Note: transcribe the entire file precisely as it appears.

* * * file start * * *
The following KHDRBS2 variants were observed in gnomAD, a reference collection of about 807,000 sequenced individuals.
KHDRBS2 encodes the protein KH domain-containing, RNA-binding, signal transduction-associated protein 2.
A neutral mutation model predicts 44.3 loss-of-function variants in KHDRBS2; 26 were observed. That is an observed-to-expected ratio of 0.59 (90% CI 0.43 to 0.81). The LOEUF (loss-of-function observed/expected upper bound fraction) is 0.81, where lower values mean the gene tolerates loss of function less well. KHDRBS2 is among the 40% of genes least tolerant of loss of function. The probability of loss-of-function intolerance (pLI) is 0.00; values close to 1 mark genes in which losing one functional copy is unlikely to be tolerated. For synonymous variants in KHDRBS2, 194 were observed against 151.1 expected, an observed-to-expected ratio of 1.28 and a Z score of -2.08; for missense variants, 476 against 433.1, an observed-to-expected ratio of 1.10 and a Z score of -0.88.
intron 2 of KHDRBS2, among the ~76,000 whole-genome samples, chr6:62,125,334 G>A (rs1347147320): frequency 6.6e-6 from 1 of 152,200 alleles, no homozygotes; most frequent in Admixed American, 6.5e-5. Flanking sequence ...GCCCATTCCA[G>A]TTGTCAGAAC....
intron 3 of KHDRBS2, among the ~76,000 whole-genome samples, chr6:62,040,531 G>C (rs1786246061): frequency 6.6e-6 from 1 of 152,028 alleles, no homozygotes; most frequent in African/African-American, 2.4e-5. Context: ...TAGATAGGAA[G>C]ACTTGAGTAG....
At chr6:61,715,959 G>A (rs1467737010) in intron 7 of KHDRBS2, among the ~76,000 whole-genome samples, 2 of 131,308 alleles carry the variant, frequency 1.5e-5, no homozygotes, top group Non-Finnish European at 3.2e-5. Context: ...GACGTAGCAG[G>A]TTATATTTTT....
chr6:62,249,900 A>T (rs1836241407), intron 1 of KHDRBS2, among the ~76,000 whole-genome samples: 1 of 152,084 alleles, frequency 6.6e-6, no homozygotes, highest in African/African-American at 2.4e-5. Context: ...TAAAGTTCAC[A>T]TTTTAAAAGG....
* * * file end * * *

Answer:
The following KHDRBS2 variants were observed in gnomAD, a reference collection of about 807,000 sequenced individuals.
KHDRBS2 encodes the protein KH domain-containing, RNA-binding, signal transduction-associated protein 2.
A neutral mutation model predicts 44.3 loss-of-function variants in KHDRBS2; 26 were observed. That is an observed-to-expected ratio of 0.59 (90% CI 0.43 to 0.81). The LOEUF (loss-of-function observed/expected upper bound fraction) is 0.81, where lower values mean the gene tolerates loss of function less well. KHDRBS2 is among the 40% of genes least tolerant of loss of function. The probability of loss-of-function intolerance (pLI) is 0.00; values close to 1 mark genes in which losing one functional copy is unlikely to be tolerated. For synonymous variants in KHDRBS2, 194 were observed against 151.1 expected, an observed-to-expected ratio of 1.28 and a Z score of -2.08; for missense variants, 476 against 433.1, an observed-to-expected ratio of 1.10 and a Z score of -0.88.
intron 2 of KHDRBS2, among the ~76,000 whole-genome samples, chr6:62,125,334 G>A (rs1347147320): frequency 6.6e-6 from 1 of 152,200 alleles, no homozygotes; most frequent in Admixed American, 6.5e-5. Flanking sequence ...GCCCATTCCA[G>A]TTGTCAGAAC....
intron 3 of KHDRBS2, among the ~76,000 whole-genome samples, chr6:62,040,531 G>C (rs1786246061): frequency 6.6e-6 from 1 of 152,028 alleles, no homozygotes; most frequent in African/African-American, 2.4e-5. Context: ...TAGATAGGAA[G>C]ACTTGAGTAG....
At chr6:61,715,959 G>A (rs1467737010) in intron 7 of KHDRBS2, among the ~76,000 whole-genome samples, 2 of 131,308 alleles carry the variant, frequency 1.5e-5, no homozygotes, top group Non-Finnish European at 3.2e-5. Context: ...GACGTAGCAG[G>A]TTATATTTTT....
chr6:62,249,900 A>T (rs1836241407), intron 1 of KHDRBS2, among the ~76,000 whole-genome samples: 1 of 152,084 alleles, frequency 6.6e-6, no homozygotes, highest in African/African-American at 2.4e-5. Context: ...TAAAGTTCAC[A>T]TTTTAAAAGG....